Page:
Hanging around the airport, you may hear pilots talk about NASA reports. But what the heck is a NASA report?
It’s a report made to the Aviation Safety Reporting System, which is administered by NASA, after an incident.
Pilots file reports for a variety of reasons, from mistakenly entering Class B airspace to cutting someone off in the pattern to a near miss with a drone.
NASA reports are sometimes referred to as “Get Out of Jail Free” cards, but are they really?
Here’s 10 things all pilots should know about ASRS Reports.
1. A fatal airliner crash started it all.
On Dec. 1, 1974, TWA Flight 514 destined for Washington, D.C., hit Mount Weather near Berryville, Virginia, killing all 92 people aboard. The NTSB investigation revealed that the flight crew misunderstood an ATC clearance. Just six weeks before the TWA crash, a United Airlines crew had experienced an identical ATC misunderstanding and narrowly missed the same mountain.
Although the information was shared with the FAA, there was no way for the United pilot to share his experience with other pilots. This solidified the idea that a national aviation reporting program that could collect and share safety information was needed. The Aviation Safety Reporting System (ASRS) was implemented in April 1976.
2. The system has one overriding goal: Improve safety.
The mission of the Aviation Safety Reporting System is to “identify deficiencies and discrepancies in the National Airspace System” with one objective: “To improve the current aviation system.”
Data collected from the system is used for planning improvements to the National Airspace System, including recommendations for aviation procedures, operations, facilities, and equipment.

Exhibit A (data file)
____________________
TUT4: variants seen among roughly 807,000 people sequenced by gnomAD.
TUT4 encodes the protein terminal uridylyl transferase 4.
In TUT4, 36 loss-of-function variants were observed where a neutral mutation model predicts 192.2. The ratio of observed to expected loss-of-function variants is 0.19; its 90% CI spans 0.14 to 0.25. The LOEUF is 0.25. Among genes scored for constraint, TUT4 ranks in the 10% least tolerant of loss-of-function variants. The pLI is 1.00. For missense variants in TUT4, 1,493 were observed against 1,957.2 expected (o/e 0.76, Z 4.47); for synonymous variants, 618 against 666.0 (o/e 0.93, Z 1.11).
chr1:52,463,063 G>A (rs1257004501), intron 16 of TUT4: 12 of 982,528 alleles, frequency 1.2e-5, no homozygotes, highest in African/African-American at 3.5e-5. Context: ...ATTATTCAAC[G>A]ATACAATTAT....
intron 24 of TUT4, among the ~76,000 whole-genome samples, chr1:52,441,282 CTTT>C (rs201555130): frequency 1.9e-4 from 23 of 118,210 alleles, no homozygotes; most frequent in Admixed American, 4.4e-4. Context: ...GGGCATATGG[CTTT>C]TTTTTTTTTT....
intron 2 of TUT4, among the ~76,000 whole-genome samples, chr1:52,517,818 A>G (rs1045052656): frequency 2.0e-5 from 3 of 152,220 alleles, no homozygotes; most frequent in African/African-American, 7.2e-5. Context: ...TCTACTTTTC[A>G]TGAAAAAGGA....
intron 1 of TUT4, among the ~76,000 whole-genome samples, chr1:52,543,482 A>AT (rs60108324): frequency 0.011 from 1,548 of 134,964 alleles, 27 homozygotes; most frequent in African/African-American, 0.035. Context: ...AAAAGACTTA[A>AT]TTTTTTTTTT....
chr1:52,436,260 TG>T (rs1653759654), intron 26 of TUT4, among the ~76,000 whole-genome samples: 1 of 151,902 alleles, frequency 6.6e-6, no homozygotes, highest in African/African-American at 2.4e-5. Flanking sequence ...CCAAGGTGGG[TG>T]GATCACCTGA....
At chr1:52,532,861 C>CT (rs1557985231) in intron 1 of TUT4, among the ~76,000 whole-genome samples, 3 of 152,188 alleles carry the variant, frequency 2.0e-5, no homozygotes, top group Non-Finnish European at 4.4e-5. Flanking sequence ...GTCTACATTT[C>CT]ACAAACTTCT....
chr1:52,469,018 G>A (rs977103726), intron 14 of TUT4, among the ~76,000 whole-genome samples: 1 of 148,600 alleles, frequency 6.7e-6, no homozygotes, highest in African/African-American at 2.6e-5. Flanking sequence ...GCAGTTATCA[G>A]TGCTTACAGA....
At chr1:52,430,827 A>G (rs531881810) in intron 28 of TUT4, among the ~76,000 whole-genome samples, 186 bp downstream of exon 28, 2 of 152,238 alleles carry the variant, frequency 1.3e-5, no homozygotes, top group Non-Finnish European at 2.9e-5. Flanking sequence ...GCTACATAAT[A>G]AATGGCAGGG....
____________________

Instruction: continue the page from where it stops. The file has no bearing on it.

3. Why NASA?
NASA was chosen to collect and disseminate the information as an independent, third party, ensuring anonymity for those who file reports.
Because it has no regulatory or enforcement role, the aviation community does not need to fear repercussions from filing a report, officials note.
4. It’s not just pilots who file NASA reports.
Air traffic controllers, dispatchers, maintenance technicians, ground personnel, and any one else involved in aviation operations can also file reports.
5. Is it really a get out of jail free card?
Yes and no.
On the yes side, when a pilot files a NASA report “involving a violation of 49 U.S.C. subtitle VII or the 14 CFR” FAA officials consider it “to be indicative of a constructive attitude.”
“Such an attitude will tend to prevent future violations,” officials noted.
So, even if punitive action could be taken, it won’t if certain conditions are met:
- The violation was inadvertent and not deliberate; and
- The person hasn’t had any other FAA enforcement actions in the last five years.
But you can’t file a NASA report for a violation that involved a criminal offense, accident, or action that discloses a lack of qualification or competency. That’s where this isn’t a get out of jail free card.
6. You have just 10 days to file a report.
To ensure that no punitive action will be taken, you must file the report with NASA within 10 days of the violation or 10 days from the date when you became aware of — or should have been aware of — the violation.
7. When you file that report, you’re not alone.
Since January 1981, 1.5 million NASA reports have been filed. According to the latest figures available, 94,302 reports were filed in 2017.
The system averages about 7,858 reports a month, which comes out to about 377 reports every working day.